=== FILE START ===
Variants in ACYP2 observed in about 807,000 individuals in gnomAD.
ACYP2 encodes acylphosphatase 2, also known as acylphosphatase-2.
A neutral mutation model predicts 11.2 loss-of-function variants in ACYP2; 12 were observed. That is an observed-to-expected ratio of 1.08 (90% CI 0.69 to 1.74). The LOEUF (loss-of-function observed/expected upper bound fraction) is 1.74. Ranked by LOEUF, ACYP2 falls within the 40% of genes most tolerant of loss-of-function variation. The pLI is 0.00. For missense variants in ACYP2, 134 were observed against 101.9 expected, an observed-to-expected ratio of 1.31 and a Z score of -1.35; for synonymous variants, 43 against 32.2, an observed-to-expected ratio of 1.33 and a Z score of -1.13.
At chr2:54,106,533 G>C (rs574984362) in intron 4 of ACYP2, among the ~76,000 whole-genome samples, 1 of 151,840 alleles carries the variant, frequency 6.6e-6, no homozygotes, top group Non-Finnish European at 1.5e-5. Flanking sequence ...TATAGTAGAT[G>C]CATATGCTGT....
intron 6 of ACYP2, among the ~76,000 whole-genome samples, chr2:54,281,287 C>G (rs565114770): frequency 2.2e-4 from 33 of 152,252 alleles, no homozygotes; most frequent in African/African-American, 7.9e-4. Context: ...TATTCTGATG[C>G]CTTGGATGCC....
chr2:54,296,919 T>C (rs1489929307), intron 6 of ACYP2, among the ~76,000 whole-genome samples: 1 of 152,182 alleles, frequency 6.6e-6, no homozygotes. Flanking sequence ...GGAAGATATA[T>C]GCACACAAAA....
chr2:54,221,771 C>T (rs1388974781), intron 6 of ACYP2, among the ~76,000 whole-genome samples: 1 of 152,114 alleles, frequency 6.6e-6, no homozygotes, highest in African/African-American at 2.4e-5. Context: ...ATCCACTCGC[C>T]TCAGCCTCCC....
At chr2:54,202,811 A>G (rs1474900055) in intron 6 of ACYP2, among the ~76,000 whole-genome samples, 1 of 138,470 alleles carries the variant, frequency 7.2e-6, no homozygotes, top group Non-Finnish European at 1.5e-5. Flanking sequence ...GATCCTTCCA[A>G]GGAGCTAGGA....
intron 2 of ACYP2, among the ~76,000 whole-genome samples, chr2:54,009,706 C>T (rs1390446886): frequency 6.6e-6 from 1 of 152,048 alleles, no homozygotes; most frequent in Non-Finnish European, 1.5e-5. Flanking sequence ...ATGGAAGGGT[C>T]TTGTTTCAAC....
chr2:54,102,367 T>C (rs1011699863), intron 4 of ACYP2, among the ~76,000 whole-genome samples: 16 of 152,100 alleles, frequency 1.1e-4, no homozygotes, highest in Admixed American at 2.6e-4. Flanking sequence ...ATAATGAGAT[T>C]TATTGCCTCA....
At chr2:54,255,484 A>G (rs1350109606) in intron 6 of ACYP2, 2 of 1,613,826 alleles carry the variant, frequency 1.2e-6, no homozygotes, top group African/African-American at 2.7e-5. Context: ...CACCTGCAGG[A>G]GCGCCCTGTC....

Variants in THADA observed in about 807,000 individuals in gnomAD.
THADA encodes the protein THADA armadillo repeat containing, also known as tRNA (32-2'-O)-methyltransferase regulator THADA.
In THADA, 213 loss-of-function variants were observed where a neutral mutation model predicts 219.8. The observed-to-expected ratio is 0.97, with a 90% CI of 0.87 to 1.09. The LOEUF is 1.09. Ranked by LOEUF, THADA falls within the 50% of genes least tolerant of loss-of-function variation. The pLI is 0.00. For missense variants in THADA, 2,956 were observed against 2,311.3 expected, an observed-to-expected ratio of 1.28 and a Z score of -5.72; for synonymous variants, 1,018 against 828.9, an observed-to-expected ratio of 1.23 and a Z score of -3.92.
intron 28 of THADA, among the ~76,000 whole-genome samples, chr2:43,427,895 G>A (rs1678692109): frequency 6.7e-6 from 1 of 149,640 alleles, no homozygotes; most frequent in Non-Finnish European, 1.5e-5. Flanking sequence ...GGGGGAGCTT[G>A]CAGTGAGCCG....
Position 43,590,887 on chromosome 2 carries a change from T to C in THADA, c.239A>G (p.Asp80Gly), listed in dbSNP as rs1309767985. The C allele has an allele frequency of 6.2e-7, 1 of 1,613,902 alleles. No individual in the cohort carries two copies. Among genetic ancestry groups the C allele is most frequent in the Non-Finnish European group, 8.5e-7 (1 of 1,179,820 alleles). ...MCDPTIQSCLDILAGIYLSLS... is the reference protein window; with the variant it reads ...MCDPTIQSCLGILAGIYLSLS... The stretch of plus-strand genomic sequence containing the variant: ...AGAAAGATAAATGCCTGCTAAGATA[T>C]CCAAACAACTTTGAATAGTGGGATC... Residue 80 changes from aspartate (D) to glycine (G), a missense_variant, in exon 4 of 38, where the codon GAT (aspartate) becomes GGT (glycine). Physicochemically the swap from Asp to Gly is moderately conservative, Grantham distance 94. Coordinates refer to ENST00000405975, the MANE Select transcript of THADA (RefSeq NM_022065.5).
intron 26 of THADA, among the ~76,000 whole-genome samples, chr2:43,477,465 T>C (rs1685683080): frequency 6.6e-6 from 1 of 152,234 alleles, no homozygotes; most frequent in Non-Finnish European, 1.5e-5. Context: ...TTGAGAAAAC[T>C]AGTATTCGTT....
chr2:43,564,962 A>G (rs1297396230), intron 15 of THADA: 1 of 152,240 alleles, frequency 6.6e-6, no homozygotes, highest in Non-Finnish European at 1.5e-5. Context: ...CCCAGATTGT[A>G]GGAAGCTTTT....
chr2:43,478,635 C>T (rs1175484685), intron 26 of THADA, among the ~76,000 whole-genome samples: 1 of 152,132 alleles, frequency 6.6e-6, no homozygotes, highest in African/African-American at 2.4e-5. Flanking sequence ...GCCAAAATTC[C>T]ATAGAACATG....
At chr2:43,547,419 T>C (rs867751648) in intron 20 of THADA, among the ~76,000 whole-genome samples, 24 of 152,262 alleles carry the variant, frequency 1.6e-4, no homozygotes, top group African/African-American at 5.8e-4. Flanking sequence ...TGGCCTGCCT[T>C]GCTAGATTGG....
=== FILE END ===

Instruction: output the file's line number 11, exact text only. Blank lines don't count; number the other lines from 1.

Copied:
At chr2:54,255,484 A>G (rs1350109606) in intron 6 of ACYP2, 2 of 1,613,826 alleles carry the variant, frequency 1.2e-6, no homozygotes, top group African/African-American at 2.7e-5. Context: ...CACCTGCAGG[A>G]GCGCCCTGTC....